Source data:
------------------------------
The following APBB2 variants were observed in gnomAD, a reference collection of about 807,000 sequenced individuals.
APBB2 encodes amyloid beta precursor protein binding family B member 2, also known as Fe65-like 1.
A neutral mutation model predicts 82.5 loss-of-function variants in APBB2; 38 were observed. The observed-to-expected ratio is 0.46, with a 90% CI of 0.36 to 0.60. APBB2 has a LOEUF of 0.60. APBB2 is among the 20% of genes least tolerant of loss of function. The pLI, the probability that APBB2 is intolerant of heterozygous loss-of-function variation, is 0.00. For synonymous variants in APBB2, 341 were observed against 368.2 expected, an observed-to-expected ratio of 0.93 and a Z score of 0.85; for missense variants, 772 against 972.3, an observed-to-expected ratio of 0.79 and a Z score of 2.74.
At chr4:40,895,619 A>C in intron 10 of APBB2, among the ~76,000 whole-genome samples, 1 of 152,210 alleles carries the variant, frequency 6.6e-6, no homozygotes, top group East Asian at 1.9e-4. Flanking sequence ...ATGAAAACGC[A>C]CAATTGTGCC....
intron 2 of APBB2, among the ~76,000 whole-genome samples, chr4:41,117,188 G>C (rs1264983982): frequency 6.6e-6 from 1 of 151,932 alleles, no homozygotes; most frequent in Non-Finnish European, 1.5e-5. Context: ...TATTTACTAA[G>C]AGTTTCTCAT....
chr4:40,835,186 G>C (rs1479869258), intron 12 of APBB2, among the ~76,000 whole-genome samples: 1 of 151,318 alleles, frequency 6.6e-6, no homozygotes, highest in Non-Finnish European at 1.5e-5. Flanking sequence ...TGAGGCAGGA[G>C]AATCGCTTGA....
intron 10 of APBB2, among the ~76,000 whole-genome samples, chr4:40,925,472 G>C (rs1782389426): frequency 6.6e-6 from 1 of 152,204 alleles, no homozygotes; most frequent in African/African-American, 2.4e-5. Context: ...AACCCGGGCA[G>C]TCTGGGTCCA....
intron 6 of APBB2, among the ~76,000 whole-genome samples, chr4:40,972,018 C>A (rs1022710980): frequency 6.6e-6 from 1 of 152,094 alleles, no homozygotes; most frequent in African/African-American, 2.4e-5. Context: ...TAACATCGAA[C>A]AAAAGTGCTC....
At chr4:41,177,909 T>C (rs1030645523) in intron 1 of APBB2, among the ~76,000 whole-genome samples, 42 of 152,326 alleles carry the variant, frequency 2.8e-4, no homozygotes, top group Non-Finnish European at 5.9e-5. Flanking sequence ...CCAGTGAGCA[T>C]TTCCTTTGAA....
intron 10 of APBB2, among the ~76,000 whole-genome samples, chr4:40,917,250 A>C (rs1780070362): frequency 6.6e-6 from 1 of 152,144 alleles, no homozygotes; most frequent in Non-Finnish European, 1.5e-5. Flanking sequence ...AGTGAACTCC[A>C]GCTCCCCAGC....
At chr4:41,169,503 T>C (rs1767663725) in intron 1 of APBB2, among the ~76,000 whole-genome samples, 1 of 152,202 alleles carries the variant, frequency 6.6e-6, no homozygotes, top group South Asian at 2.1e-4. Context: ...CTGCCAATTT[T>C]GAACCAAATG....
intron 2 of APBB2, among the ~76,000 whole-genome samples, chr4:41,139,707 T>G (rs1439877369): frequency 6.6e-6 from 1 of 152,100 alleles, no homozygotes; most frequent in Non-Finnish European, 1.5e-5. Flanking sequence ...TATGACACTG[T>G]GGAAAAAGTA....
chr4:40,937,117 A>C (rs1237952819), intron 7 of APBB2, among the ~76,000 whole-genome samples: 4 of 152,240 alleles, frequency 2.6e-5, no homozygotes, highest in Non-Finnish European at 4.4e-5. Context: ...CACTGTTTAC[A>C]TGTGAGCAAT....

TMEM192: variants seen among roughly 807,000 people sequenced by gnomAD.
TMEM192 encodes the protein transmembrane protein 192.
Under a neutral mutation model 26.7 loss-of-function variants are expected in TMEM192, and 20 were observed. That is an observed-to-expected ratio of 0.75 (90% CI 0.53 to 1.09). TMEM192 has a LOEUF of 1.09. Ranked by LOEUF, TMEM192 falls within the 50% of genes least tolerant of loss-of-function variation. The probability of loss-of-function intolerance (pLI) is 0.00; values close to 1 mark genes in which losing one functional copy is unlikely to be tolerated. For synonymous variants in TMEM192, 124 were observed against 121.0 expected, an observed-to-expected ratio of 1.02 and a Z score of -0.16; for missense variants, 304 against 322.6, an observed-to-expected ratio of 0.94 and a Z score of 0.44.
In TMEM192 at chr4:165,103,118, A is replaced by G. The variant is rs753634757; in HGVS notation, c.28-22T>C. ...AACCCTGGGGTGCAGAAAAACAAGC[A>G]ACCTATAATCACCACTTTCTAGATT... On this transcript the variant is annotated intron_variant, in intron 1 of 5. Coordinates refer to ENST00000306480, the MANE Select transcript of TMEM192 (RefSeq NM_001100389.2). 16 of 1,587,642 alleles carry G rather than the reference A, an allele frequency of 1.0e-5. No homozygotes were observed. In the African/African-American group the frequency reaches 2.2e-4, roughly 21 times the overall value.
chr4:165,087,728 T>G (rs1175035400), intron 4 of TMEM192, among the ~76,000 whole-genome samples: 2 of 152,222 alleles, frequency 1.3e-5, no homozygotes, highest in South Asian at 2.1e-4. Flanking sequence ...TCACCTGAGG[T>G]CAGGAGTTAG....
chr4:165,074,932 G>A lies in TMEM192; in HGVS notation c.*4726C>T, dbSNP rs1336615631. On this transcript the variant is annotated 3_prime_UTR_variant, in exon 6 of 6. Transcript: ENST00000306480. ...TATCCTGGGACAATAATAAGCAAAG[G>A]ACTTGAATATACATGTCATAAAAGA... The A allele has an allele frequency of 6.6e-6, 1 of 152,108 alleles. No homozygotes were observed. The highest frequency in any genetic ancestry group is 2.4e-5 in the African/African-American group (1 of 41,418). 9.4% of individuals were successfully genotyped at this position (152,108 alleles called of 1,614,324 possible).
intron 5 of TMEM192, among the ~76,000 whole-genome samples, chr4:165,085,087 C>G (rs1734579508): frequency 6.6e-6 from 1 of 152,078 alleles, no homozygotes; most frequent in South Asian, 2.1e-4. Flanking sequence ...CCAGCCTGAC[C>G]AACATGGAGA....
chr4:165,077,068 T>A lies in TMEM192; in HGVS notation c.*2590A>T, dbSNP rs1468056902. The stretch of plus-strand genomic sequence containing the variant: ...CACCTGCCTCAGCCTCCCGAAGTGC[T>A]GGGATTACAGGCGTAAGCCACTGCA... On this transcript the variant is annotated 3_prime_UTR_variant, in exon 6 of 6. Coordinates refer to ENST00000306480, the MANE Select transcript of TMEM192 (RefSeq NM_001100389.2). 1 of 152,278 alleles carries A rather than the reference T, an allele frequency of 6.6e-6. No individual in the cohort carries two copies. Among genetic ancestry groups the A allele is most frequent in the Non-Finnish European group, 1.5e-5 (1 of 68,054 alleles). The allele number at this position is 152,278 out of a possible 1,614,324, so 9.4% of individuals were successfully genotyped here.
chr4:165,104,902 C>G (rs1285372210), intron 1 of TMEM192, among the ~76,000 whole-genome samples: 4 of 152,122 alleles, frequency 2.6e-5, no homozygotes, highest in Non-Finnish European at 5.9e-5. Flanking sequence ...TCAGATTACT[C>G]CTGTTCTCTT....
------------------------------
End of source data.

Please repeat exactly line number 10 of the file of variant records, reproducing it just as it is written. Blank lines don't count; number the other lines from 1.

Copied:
intron 10 of APBB2, among the ~76,000 whole-genome samples, chr4:40,917,250 A>C (rs1780070362): frequency 6.6e-6 from 1 of 152,144 alleles, no homozygotes; most frequent in Non-Finnish European, 1.5e-5. Flanking sequence ...AGTGAACTCC[A>C]GCTCCCCAGC....